Maybe the strangest part of the whole afternoon was the fact none of this might have happened. Nebraska was supposed to be on a bye week. Vedral would have been at home watching football on his TV. Instead, because of lightning on Sept. 1, he was scoring his first Nebraska touchdown. Because of prolonged inclement weather, Jarzynka was getting his first sack. Because of a B-CU relationship with tight end coach Sean Beckton, back Miles Jones and linebacker Simon Otte were making their debuts.
“I didn’t think of that until now but yeah that’s kind of crazy,” Vedral said. “That’s weird.”
Martinez has brushed off praise before, saying he’s just doing his job. Frost was asked if there was a little extra motivation from guys like Martinez to get their job done earlier so the other guys could get on the field. Absolutely, he said.
“I think they knew if they went out and took care of business that some of those other guys would get some reps,” Frost said. “Then, you’ve got Jarzynka making sacks and the guys going crazy and some other guys out there making plays that haven’t gotten a chance to yet. That kind of feeling of team and camaraderie has really grown over the course of this year and it was exciting to see the old guys that excited for the kids that haven’t played much.”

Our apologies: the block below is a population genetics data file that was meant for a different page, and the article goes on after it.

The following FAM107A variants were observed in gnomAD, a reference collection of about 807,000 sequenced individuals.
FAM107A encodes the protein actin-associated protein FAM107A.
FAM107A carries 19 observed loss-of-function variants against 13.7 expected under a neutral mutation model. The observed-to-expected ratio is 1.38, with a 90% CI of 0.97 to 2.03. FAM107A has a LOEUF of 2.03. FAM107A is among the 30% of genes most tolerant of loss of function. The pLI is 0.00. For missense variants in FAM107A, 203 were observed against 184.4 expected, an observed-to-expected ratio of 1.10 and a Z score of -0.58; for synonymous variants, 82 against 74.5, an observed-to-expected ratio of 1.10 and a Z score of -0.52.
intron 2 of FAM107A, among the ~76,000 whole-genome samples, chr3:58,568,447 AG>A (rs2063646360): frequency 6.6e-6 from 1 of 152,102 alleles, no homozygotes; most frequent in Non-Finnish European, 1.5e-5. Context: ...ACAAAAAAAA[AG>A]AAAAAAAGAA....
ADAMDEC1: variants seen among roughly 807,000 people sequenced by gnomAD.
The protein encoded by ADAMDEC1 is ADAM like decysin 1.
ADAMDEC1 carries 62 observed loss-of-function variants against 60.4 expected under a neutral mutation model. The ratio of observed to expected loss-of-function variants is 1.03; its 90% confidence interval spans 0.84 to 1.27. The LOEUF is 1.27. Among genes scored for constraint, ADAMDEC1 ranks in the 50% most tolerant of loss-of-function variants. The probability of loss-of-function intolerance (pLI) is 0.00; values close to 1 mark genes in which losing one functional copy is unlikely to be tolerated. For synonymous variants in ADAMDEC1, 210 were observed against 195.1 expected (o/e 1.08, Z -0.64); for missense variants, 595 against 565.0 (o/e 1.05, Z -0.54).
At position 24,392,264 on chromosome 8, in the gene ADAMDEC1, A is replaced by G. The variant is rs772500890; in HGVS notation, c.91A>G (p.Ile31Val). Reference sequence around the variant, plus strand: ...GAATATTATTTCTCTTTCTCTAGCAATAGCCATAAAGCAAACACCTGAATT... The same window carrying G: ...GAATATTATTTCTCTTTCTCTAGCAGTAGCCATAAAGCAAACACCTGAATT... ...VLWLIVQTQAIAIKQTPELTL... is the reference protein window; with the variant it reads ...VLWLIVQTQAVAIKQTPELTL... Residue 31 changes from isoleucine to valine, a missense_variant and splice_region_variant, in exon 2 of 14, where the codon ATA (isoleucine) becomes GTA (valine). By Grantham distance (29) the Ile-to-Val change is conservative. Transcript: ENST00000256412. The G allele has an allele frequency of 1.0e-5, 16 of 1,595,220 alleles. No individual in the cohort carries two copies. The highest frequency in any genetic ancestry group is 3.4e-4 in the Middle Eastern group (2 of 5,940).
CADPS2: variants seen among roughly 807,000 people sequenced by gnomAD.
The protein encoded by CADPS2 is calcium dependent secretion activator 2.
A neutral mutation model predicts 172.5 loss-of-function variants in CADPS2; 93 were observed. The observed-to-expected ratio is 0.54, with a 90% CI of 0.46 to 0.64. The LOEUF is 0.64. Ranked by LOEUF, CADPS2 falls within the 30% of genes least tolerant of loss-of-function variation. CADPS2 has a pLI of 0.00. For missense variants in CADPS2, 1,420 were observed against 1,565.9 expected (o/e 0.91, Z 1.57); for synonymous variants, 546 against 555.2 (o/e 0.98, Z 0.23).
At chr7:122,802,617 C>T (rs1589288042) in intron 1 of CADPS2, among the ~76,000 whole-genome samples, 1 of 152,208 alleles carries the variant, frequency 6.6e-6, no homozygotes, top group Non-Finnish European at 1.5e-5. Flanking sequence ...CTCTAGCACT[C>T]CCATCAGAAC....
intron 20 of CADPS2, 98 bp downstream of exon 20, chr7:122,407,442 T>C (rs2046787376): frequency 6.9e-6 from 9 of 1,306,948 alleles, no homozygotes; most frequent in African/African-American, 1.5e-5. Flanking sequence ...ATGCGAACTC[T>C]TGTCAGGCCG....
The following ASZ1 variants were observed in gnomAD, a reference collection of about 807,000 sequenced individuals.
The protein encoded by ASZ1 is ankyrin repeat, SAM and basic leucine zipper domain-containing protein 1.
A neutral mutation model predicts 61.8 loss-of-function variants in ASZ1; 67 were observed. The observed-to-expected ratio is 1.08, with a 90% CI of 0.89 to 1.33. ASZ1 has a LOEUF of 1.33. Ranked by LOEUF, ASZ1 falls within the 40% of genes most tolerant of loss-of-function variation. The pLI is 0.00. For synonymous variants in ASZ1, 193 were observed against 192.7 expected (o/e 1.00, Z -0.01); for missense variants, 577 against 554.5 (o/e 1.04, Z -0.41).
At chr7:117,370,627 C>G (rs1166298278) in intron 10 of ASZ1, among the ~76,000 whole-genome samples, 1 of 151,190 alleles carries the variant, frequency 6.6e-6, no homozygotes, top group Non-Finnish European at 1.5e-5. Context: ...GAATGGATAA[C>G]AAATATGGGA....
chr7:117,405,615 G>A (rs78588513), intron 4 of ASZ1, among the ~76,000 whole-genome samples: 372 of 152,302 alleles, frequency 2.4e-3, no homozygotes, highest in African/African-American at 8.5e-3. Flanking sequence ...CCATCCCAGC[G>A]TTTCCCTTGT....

Derek is a newbie on the Hail Varsity staff covering Husker athletics. In college, he was best known as ‘that guy from Twitter.’ He has covered a Sugar Bowl, a tennis national championship and almost everything in between (except an NCAA men’s basketball tournament game… *tears*). In his spare time, he can be found arguing with literally anyone about sports.